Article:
Friday morning found us back on the boardwalk at Magee Marsh. The Biggest Week in American Birding was starting to wind down, but the birds were still spectacular. Late Thursday afternoon we noticed a sudden temperature increase, and the murmurs among festival participants was that Friday would be the day. Indeed, warm southerly winds overnight brought in tons of warblers and other migrants to the preserve, and birders were loving every minute. We were about halfway through the boardwalk path when a Chicago birding acquaintance of ours, Eric Gyllenhaal, quickly passed us. He was talking on the phone, and it was obvious he had some news. He was kind enough to interrupt his call momentarily to tell us: “Check your tweets!” Good advice. [Thank you, Eric!!]
At this time we were completely unaware of Magee Marsh outside of the boardwalk, but we followed Eric’s direction and headed east off the boardwalk. Another tweet came in.
By the time we crossed the road towards the beach, we were among several dozen birders heading towards a thicket of trees separating the eastern parking lot from the beach.
Emerging onto the beach, we found ourselves among hoards of people heading towards a growing group of birders. Since this was our fourth try to see this bird (in Ohio, even!), I tried to keep my expectations low. I asked a birder heading back to the parking lot if she had seen it. With her enthusiastic “YES!” I allowed my hopes to rise.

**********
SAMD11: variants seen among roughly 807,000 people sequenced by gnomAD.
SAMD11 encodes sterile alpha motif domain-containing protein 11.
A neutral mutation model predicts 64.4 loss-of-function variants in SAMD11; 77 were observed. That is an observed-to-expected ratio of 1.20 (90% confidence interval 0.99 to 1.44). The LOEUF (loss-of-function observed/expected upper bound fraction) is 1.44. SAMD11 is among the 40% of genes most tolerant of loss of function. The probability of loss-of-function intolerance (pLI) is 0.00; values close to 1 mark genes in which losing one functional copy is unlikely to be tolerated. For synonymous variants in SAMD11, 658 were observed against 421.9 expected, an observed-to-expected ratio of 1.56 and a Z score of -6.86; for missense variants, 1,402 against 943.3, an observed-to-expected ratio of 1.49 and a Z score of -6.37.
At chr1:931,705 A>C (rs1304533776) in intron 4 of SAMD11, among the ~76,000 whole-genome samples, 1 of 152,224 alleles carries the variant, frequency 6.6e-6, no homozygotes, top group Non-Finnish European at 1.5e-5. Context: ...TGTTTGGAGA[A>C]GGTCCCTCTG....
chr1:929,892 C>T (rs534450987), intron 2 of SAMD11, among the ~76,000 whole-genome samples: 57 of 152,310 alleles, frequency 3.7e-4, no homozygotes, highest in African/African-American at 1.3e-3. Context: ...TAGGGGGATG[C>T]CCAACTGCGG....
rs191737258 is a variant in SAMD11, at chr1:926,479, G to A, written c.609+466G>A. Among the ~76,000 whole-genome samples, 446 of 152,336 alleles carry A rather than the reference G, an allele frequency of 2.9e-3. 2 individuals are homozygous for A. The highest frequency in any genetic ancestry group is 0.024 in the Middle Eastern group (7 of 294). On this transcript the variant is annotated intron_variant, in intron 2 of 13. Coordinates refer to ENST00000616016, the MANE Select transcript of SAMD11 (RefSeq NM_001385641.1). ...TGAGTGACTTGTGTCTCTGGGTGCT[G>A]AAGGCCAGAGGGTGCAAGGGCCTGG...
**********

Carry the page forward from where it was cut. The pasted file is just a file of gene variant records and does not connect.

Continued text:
When we approached the birders staking out the rarity, a very kind woman beckoned us over and told us where to look. We could see the Kirtland’s Warbler with our naked eyes. In our binoculars he was larger than life.
What a gorgeous bird – such a great thrill to see. He was singing, and foraging out in the open.
The crowd of spectators grew and grew, and we in turn helped new arrivals get their binoculars on what was surely a life bird for most visitors.
It was really uplifting to be among so many happy birders. People were laughing, doing the lifer dance, high-fiving, and most of all thanking Kenn Kaufman for the amazing sighting.
The bird stayed on the beach nearly all day, and wasn’t refound the next day. Friday was definitely the day!